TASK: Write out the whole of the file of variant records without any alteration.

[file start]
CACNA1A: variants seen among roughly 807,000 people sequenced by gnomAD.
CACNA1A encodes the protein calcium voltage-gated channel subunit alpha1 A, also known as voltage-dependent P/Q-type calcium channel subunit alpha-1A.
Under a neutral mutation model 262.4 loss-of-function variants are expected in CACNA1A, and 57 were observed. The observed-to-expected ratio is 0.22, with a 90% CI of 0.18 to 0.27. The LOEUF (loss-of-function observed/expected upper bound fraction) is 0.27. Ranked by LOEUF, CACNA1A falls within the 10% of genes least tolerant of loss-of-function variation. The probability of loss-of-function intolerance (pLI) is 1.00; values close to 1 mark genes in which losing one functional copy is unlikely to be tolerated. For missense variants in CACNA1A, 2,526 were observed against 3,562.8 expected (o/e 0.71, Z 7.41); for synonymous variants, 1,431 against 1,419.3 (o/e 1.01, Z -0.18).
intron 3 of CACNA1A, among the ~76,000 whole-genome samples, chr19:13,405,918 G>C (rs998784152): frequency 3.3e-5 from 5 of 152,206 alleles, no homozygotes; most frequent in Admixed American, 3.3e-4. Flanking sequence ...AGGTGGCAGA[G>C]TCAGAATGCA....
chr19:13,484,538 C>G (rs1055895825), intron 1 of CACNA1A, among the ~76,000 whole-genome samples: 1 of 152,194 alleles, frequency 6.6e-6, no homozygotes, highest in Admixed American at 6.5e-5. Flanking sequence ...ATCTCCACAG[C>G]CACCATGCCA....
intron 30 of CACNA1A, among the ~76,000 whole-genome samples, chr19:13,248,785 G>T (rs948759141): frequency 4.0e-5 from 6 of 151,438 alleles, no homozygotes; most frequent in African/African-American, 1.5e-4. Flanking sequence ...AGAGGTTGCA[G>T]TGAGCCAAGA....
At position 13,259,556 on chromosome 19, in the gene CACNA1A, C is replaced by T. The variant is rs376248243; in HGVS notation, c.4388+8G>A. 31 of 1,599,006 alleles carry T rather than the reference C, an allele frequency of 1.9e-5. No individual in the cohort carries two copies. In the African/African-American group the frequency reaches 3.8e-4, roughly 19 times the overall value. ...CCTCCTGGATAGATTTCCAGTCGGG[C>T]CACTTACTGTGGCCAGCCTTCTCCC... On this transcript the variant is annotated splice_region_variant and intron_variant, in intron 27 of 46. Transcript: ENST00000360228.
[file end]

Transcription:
CACNA1A: variants seen among roughly 807,000 people sequenced by gnomAD.
CACNA1A encodes the protein calcium voltage-gated channel subunit alpha1 A, also known as voltage-dependent P/Q-type calcium channel subunit alpha-1A.
Under a neutral mutation model 262.4 loss-of-function variants are expected in CACNA1A, and 57 were observed. The observed-to-expected ratio is 0.22, with a 90% CI of 0.18 to 0.27. The LOEUF (loss-of-function observed/expected upper bound fraction) is 0.27. Ranked by LOEUF, CACNA1A falls within the 10% of genes least tolerant of loss-of-function variation. The probability of loss-of-function intolerance (pLI) is 1.00; values close to 1 mark genes in which losing one functional copy is unlikely to be tolerated. For missense variants in CACNA1A, 2,526 were observed against 3,562.8 expected (o/e 0.71, Z 7.41); for synonymous variants, 1,431 against 1,419.3 (o/e 1.01, Z -0.18).
intron 3 of CACNA1A, among the ~76,000 whole-genome samples, chr19:13,405,918 G>C (rs998784152): frequency 3.3e-5 from 5 of 152,206 alleles, no homozygotes; most frequent in Admixed American, 3.3e-4. Flanking sequence ...AGGTGGCAGA[G>C]TCAGAATGCA....
chr19:13,484,538 C>G (rs1055895825), intron 1 of CACNA1A, among the ~76,000 whole-genome samples: 1 of 152,194 alleles, frequency 6.6e-6, no homozygotes, highest in Admixed American at 6.5e-5. Flanking sequence ...ATCTCCACAG[C>G]CACCATGCCA....
intron 30 of CACNA1A, among the ~76,000 whole-genome samples, chr19:13,248,785 G>T (rs948759141): frequency 4.0e-5 from 6 of 151,438 alleles, no homozygotes; most frequent in African/African-American, 1.5e-4. Flanking sequence ...AGAGGTTGCA[G>T]TGAGCCAAGA....
At position 13,259,556 on chromosome 19, in the gene CACNA1A, C is replaced by T. The variant is rs376248243; in HGVS notation, c.4388+8G>A. 31 of 1,599,006 alleles carry T rather than the reference C, an allele frequency of 1.9e-5. No individual in the cohort carries two copies. In the African/African-American group the frequency reaches 3.8e-4, roughly 19 times the overall value. ...CCTCCTGGATAGATTTCCAGTCGGG[C>T]CACTTACTGTGGCCAGCCTTCTCCC... On this transcript the variant is annotated splice_region_variant and intron_variant, in intron 27 of 46. Transcript: ENST00000360228.